Executive functioning performance predicts subjective and physiological acute stress reactivity: Preliminary results

Donny Hendrawan, Kaori Yamakawa, Motohiro Kimura, Hiroki Murakami, Hideki Ohira

Research output: Contribution to journalArticlepeer-review

24 Citations (Scopus)

Abstract

Individual differences in baseline executive functioning (EF) capacities have been shown to predict state anxiety during acute stressor exposure. However, no previous studies have clearly demonstrated the relationship between EF and physiological measures of stress. The present study investigated the efficacy of several well-known EF tests (letter fluency, Stroop test, and Wisconsin Card Sorting Test) in predicting both subjective and physiological stress reactivity during acute psychosocial stress exposure. Our results show that letter fluency served as the best predictor for both types of reactivity. Specifically, the higher the letter fluency score, the lower the acute stress reactivity after controlling for the baseline stress response, as indicated by lower levels of state anxiety, negative mood, salivary cortisol, and skin conductance. Moreover, the predictive power of the letter fluency test remained significant for state anxiety and cortisol indices even after further adjustments for covariates by adding the body mass index (BMI) as a covariate. Thus, good EF performance, as reflected by high letter fluency scores, may dampen acute stress responses, which suggests that EF processes are directly associated with aspects of stress regulation.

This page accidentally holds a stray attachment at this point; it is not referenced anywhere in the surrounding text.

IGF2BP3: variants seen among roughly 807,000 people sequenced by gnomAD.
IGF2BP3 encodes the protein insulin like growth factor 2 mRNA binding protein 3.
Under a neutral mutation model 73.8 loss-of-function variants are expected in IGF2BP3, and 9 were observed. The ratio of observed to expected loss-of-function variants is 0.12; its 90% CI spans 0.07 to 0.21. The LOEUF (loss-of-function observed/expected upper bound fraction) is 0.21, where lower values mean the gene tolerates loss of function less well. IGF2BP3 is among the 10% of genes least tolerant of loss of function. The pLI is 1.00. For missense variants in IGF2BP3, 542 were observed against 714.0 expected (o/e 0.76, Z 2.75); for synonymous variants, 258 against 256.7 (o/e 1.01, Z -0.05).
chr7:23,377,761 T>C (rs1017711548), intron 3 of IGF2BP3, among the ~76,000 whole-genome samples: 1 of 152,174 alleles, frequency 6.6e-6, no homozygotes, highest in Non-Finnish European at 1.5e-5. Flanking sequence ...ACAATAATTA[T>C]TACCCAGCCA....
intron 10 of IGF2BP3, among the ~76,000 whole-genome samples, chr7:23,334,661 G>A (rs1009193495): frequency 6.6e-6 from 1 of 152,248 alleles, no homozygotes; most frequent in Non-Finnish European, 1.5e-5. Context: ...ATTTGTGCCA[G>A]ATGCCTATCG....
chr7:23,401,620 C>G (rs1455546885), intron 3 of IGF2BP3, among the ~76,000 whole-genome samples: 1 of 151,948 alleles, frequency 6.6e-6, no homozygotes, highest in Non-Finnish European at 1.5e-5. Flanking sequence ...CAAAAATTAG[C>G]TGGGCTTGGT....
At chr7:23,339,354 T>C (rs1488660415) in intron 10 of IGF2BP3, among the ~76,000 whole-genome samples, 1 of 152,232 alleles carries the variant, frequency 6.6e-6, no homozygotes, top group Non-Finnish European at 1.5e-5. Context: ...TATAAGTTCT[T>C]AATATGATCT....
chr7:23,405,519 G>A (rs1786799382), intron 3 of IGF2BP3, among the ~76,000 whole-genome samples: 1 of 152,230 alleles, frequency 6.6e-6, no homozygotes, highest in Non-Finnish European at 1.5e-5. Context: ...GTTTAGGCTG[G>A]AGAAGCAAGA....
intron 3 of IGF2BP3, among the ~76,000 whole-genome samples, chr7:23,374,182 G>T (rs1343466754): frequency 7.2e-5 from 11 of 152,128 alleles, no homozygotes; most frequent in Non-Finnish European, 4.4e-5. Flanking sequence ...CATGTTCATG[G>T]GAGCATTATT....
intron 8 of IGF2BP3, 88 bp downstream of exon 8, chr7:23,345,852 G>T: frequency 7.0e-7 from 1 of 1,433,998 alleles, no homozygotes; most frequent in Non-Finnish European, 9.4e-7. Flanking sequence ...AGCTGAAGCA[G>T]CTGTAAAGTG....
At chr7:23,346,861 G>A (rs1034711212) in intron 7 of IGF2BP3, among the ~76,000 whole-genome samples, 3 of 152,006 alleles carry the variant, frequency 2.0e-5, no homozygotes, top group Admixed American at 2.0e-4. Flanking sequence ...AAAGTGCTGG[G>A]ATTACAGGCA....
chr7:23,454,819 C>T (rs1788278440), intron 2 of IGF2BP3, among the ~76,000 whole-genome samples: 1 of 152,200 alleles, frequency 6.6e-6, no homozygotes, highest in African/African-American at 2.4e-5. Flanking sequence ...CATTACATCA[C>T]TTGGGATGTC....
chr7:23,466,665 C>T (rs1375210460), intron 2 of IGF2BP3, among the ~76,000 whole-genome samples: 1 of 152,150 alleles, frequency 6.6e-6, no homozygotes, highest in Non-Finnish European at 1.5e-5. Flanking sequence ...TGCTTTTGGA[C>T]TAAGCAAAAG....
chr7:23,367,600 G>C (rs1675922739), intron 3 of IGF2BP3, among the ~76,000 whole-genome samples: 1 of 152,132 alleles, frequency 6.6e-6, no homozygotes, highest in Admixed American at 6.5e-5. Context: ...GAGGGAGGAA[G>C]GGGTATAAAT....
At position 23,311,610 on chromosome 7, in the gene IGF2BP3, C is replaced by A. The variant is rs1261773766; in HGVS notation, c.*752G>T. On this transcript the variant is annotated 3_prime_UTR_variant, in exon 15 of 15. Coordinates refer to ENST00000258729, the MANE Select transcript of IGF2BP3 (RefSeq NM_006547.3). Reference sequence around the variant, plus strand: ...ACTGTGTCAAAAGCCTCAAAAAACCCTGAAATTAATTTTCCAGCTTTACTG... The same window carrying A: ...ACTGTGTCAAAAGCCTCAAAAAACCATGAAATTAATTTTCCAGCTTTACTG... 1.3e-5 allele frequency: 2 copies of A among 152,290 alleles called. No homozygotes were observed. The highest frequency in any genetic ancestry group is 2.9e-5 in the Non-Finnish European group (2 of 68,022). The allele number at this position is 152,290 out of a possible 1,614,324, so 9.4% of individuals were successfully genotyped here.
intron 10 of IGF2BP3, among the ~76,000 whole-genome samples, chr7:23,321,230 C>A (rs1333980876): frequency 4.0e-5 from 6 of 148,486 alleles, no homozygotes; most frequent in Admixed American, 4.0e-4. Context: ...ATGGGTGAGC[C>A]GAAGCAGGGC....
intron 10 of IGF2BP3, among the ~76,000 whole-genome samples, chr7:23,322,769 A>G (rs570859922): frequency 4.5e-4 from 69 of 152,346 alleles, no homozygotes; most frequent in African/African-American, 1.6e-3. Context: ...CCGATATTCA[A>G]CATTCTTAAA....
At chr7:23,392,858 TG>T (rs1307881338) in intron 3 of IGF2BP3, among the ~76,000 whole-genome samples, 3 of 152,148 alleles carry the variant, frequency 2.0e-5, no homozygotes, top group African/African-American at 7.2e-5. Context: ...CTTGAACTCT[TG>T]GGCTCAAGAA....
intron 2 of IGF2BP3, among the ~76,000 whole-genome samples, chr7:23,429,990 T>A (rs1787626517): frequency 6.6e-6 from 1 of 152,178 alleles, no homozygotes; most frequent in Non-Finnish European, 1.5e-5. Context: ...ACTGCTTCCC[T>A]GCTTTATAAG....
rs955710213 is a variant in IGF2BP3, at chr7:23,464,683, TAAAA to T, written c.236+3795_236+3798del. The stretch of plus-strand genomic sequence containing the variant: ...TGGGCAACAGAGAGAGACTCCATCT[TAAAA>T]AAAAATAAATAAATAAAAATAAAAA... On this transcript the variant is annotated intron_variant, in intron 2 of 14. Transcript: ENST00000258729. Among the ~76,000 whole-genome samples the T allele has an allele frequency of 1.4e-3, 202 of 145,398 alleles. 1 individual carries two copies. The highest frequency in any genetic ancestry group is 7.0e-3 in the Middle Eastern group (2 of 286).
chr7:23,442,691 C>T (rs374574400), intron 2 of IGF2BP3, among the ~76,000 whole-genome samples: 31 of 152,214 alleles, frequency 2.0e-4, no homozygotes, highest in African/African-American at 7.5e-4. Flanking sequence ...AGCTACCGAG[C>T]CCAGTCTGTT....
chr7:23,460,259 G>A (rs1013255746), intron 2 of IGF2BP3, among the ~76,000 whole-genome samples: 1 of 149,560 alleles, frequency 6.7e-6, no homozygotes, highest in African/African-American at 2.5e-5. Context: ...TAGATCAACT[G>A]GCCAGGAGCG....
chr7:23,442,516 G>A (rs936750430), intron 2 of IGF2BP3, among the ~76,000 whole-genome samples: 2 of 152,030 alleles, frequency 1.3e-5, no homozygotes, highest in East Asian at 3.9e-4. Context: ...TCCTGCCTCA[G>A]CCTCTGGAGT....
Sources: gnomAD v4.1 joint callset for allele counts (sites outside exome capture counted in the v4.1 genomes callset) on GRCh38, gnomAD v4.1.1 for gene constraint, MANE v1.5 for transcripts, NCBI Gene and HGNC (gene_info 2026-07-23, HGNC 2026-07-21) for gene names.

Original languageEnglish
Pages (from-to)277-283
Number of pages7
JournalInternational Journal of Psychophysiology
Volume84
Issue number3
DOIs
Publication statusPublished - 1 Jun 2012

Keywords

  • Acute psychosocial stress
  • Executive functioning
  • Heart rate
  • Salivary cortisol
  • Skin conductance level
  • Stress regulation

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